Following that tack, taruṇa, which on the surface means young in years, might really mean a person of any age whose power of thinking is still immature – who has yet to make much progress, in other words, in the arena that Dogen called 非思量 (HI-SHIRYO), non-thinking.
In that case, again, araṇya, which on the surface means the forest or the ascetic grove ( = tapo-vana), might really mean emptiness, i.e. that wasteland or deserted space (without ambition, without partiality, without expectation; without fear, sorrow, pride, or passion; nirutsuko niṣpraṇayo nirāśaḥ vibhīr-viśug-vītamado virāgaḥ; SN17.61) which is vacated when an idea is put off.
As an example of clarity of discrimination (viveka) in the matter of mind-wandering, FM Alexander wrote at length in his book Constructive Conscious Control of the Individual about how mind-wandering (or Attention Deficit Disorder as severe manifestations of it are sometimes known) is not a specifically mental problem but is a rather a function of general pyscho-physical co-ordination of the whole human organism.
The clarity of discrimination with FM Alexander thus exhibits might be a manifestation of his being steeped in a separation that involved (through what Alexander called “conscious inhibition”) the interposing of a gap between the idea of acting and the subsequent allowing of an act.
In conclusion, then, it is extremely difficult to come to a definitive conclusion about what today's verse means – except to conclude that there might be a lot more to today's verse than initially meets the eye.
Today's verse on the surface is 1. pure royal rhetoric whose false aim is to discourage the prince by describing the difficulties that a young man has in maintaining a forest life in pursuit of an ascetic dharma; but below the surface today's verse might be intended as 2. an ironic true description of the difficulties that we all have in the work of "cultivating the empty field"; or 3. an ironic true description of the real everyday life of an enlightened buddha.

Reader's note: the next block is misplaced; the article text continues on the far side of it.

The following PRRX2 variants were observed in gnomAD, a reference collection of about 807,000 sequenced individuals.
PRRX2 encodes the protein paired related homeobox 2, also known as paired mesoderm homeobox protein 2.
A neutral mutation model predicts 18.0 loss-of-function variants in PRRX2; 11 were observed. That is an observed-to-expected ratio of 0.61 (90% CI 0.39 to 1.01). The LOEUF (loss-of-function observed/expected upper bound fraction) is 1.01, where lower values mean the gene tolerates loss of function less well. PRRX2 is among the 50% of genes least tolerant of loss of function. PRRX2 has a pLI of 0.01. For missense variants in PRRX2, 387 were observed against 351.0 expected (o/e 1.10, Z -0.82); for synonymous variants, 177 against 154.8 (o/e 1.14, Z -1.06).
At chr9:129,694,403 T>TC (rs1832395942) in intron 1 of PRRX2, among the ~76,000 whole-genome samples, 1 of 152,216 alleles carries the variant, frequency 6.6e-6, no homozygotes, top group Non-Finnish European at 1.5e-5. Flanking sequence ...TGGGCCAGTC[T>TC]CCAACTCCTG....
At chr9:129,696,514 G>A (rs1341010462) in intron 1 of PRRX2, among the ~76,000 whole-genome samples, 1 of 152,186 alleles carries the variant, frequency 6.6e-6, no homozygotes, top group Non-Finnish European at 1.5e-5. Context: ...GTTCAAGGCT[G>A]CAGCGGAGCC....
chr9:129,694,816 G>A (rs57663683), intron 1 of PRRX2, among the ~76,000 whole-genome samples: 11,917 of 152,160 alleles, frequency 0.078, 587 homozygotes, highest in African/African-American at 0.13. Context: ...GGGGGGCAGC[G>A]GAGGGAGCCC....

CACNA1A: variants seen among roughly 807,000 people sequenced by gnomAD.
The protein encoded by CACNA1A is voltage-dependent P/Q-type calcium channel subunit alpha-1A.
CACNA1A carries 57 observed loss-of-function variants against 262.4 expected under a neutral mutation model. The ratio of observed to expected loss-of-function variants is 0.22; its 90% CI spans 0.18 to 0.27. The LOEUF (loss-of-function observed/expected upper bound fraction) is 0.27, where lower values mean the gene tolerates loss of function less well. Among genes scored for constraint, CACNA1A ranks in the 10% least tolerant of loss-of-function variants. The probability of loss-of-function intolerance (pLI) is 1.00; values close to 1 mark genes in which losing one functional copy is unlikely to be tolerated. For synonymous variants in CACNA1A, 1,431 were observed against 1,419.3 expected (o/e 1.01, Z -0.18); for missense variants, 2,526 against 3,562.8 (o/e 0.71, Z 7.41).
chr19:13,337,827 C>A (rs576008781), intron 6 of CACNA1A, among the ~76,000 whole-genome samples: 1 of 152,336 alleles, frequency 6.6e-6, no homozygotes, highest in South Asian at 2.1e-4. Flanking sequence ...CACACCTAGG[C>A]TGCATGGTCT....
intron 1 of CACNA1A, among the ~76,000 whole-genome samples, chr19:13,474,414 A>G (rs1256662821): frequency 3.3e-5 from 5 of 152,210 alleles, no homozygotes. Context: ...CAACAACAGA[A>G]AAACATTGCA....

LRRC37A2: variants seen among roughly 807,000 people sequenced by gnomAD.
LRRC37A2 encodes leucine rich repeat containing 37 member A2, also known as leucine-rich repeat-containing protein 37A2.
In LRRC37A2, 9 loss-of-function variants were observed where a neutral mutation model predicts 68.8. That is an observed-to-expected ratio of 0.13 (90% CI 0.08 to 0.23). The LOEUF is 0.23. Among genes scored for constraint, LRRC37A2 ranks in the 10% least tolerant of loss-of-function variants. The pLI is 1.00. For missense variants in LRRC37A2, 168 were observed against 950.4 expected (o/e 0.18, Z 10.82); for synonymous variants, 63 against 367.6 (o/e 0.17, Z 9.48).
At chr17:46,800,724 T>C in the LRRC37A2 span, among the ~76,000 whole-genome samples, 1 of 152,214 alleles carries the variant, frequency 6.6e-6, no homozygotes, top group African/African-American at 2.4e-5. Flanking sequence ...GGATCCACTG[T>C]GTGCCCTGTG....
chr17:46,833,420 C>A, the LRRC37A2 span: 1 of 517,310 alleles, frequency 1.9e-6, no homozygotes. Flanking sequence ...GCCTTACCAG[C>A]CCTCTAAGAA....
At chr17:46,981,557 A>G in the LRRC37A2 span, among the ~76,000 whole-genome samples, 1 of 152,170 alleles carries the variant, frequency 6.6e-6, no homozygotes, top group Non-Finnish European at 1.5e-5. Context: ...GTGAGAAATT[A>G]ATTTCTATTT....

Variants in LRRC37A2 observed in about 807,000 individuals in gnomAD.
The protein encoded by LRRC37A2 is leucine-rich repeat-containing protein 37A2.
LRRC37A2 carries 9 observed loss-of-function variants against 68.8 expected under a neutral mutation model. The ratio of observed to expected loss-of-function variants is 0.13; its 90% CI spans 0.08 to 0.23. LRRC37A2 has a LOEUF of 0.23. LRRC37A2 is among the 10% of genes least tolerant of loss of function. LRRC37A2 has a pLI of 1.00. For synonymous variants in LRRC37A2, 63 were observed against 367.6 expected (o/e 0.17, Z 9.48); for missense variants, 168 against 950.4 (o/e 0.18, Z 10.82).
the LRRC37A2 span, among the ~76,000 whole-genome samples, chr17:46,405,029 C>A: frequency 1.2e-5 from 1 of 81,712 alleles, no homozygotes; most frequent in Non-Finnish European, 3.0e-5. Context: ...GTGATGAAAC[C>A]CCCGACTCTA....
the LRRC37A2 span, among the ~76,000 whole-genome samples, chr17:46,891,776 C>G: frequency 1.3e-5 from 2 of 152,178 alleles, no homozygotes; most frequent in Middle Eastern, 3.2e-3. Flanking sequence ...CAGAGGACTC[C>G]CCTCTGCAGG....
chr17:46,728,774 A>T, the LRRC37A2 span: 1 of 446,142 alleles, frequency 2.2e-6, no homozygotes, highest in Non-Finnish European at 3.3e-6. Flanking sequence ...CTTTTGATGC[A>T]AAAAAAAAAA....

Quad Erat Demonstrandum
... And here comes Wottle!
viṣayeṣu (loc. pl.): m. objects
kutūhalendriyasya (gen. sg.): his senses being extra-ordinarily interested in / desirous for
kutūhala: n. curiosity , interest in any extra-ordinary matter ; inclination , desire for (prati loc. or in comp.)
indriya: n. power of the senses, sense
vrata-khedeṣu (loc. pl.): m. lassitude in regard to vows ; the hardships of religious practice
vrata: a religious vow or practice , any pious observance , meritorious act of devotion or austerity , solemn vow , rule , holy practice (as fasting , continence &c); any vow or firm purpose
kheda: m. lassitude , depression ; exhaustion , pain , affliction , distress
√khid: to strike , press , press down ; to be depressed or wearied ; A1 to be pressed down , suffer pain ; Caus. khedayati to press down , molest , disturb , make tired or exhausted
asamartha-niścayasya (gen. sg.): being incapable of resoluteness
asamartha: mfn. unable to (Inf. dat. loc. , or in comp.)
niścaya: m. inquiry , ascertainment , fixed opinion , conviction , certainty , positiveness ; resolution , resolve, fixed intention , design , purpose , aim
niś- √ ci : to ascertain , investigate , decide , settle , fix upon , determine , resolve
taruṇasya (gen. sg.): m. a youth ; mfn. " progressive " , young , tender , juvenile ; new , fresh , just risen (the sun cf. bālāditya) , just begun (heat or a disease)
manaḥ (nom. sg.): n. mind
calati = 3rd pers. sg. cal: to be moved , stir , tremble , shake , quiver , be agitated , palpitate ; to be moved from one's usual course , be disturbed , become confused or disordered , go astray
araṇyāt (abl. sg.): n. a distant land ; wilderness , desert , forest
anabhijñasya (gen. sg. m.): mfn. unacquainted with , ignorant
abhijña: mfn. knowing , skilful , clever ; understanding , conversant with
viśeṣataḥ: ind. especially , particularly , above all
viveke (loc. sg.): m. separateness, discrimination , distinction
vi- √vic: to sift (esp. grain by tossing or blowing) , divide asunder , separate from ; to distinguish , discern , discriminate ; to investigate , examine , ponder , deliberate
avivekam (acc. sg.): m. absence of judgement or discrimination ; non-separation , non-distinction